A recently published research paper by the Centre for Conflict Management and Transformation, a local non-governmental organization, is set to transform the wellbeing of people in rural communities through unearthing some organizational inconsistences associated with rural local governance.
The report entitled, Roles and Responsibilities in Rural Local Governance in Zimbabwe: Parallels, Overlaps and Conflict, brings to light the confusion in the responsibilities and the power of the local authorities that govern rural Zimbabwean communities at the expense of development.
It then goes on to highlight remedies that can be adopted towards the economic development of rural communities and even the nation at large.
CCMT, which responds to, attends to and addresses societal conflict in a non-confrontational approach, published the report in order to engage local governance players on how best to share roles and responsibilities towards mitigating conflict and promoting development.
Rural communities in Zimbabwe are generally under the administration of traditional leaders, councillors and District Administrators whose roles and responsibilities tend to go parallel and sometimes do overlap in a way that interferes with effective and efficient service delivery.
The other challenge that has been highlighted in the paper is that this lack of defined duties and responsibilities among the governing authorities in rural areas makes it difficult to measure their effectiveness and to hold them accountable.
As such, with the majority of Zimbabweans living in rural areas, the report shows that if the issues to do with corporate governance in rural areas are not urgently and timeously addressed, economic development will be hampered and the average population will continue to languish in poverty.
While attending a policy dialogue forum on rural local governance organised by CCMT and held at the Sapes Trust in Harare recently, some active participants in the civic society, media and local governance sector commended this report, saying it is a positive development towards societal transformation.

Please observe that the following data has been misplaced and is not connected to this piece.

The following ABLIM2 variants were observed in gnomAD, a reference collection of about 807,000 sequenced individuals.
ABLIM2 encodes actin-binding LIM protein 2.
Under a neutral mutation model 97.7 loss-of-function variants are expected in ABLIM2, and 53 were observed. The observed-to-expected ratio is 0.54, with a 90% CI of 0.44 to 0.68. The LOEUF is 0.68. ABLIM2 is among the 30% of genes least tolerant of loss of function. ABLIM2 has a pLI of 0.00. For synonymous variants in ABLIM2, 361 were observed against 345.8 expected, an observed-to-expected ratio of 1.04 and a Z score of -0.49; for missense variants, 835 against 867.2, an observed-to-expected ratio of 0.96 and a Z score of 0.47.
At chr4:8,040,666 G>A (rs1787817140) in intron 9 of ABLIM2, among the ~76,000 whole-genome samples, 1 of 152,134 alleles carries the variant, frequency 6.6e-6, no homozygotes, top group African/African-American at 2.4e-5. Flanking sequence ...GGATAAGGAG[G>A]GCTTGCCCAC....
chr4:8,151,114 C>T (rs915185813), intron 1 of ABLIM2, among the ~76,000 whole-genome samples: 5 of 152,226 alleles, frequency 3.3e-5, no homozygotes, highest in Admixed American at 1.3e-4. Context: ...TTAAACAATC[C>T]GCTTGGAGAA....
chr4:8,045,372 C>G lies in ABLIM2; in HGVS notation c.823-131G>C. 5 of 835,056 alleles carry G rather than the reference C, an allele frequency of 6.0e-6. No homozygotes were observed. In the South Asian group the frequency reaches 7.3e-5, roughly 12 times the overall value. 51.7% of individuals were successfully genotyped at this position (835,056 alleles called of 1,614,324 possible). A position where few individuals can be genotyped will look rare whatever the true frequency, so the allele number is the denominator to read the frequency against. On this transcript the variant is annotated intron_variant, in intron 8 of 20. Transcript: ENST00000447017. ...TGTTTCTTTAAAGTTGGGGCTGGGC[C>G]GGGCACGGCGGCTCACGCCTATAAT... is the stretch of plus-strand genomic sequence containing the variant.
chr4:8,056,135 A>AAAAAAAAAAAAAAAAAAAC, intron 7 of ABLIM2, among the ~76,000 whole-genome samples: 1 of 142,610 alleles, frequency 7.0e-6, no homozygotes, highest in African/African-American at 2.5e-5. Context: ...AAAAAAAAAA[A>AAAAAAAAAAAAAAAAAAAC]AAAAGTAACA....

A local government expert, researcher and consultant Doctor Kudzai Chatiza who is the Director of the Development Government Institute (DGEI), endorsed the publication and welcomed this scenario where civic society groups write and publish papers of such a nature.
He added that the paper has managed to disclose some silo structures, legislative ambiguity and disjointed institutions and processes that undermine the development of rural communities. It was noted by participants that such dialogue about land and rural local governance should spread all over the country since the issue needs urgent attention for the good of the future of every Zimbabwean.
Nigel Mugamu, popularly known as ‘Sir Nige’ of the @263 Chat twitter platform, who chaired the discussion encouraged and invited the civic society groups to utilise social media such as twitter in the dissemination of such information which is critical for development.
He expressed his willingness to partner in packaging such important information in a way that is easily and quickly understood by everyone.
This report on the parallels, overlaps and conflict in the roles and responsibilities in rural local governance in Zimbabwe was co-authored by Mr Andrew Ilif, Ms Debra Mwase and Mr Collen Zvandasara who are from the Research and Documentation Department at the Centre for Conflict Management and Transformation.
Ms Debra Mwase, a Kettering Foundation and Kings College Fellow who holds a Bachelor of Law (Honours) from the University of Zimbabwe, has extensive experience working with a variety of stakeholders and beneficiaries including policy makers, civil society practitioners, academics, community-based organizations and political actors.
Mr Collen Zvandasara, a holder of a Bachelor of Sciences in Local Governance Studies and other several qualifications in Monitoring and Evaluation, Research, Conflict Analysis, Negotiation and Gender Issues is actively involved in conflict interventions through dialogue facilitation.
Mr Xavier Mudangwe, who formed part of the discussion panel and has experienced firsthand some of the conflicts brought about by the parallels and overlaps, has over 7 years experience coordinating conflict transformation projects. He is a project officer at CCMT and holds a BA Honours degree in History and Development Studies.
The Centre for Conflict Management and Transformation is a Zimbabwean Non-Governmental organization which was formed in 2003 with its main mandate being to transform the ways in which society deals with conflict especially towards doing away with adversarial approaches and embracing collaborative problem solving.
To date, the organization has successfully worked with institutions such as Action La Faim (ACF), African Forum and Network on Debt and Development (AFRODAD), Chikukwa Ecological Land Use Community Trust (CELUCT) and Christian Care, Church and Civil Society Forum (CCSF) among others.